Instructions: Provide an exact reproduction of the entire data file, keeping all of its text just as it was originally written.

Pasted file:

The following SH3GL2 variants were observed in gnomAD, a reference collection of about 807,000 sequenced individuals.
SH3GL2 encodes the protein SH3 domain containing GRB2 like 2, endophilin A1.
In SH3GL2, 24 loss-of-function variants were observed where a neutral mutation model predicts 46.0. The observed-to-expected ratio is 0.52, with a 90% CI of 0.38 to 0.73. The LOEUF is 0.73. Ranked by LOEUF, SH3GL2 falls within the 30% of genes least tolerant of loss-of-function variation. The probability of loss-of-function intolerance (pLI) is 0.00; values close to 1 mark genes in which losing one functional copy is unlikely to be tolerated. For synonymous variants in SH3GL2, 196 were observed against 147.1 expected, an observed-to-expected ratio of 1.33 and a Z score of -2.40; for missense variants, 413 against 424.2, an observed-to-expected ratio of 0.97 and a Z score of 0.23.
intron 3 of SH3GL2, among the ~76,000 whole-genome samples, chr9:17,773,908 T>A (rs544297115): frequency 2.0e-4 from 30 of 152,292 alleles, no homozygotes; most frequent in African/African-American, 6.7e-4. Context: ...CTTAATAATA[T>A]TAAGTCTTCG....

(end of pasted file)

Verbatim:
The following SH3GL2 variants were observed in gnomAD, a reference collection of about 807,000 sequenced individuals.
SH3GL2 encodes the protein SH3 domain containing GRB2 like 2, endophilin A1.
In SH3GL2, 24 loss-of-function variants were observed where a neutral mutation model predicts 46.0. The observed-to-expected ratio is 0.52, with a 90% CI of 0.38 to 0.73. The LOEUF is 0.73. Ranked by LOEUF, SH3GL2 falls within the 30% of genes least tolerant of loss-of-function variation. The probability of loss-of-function intolerance (pLI) is 0.00; values close to 1 mark genes in which losing one functional copy is unlikely to be tolerated. For synonymous variants in SH3GL2, 196 were observed against 147.1 expected, an observed-to-expected ratio of 1.33 and a Z score of -2.40; for missense variants, 413 against 424.2, an observed-to-expected ratio of 0.97 and a Z score of 0.23.
intron 3 of SH3GL2, among the ~76,000 whole-genome samples, chr9:17,773,908 T>A (rs544297115): frequency 2.0e-4 from 30 of 152,292 alleles, no homozygotes; most frequent in African/African-American, 6.7e-4. Context: ...CTTAATAATA[T>A]TAAGTCTTCG....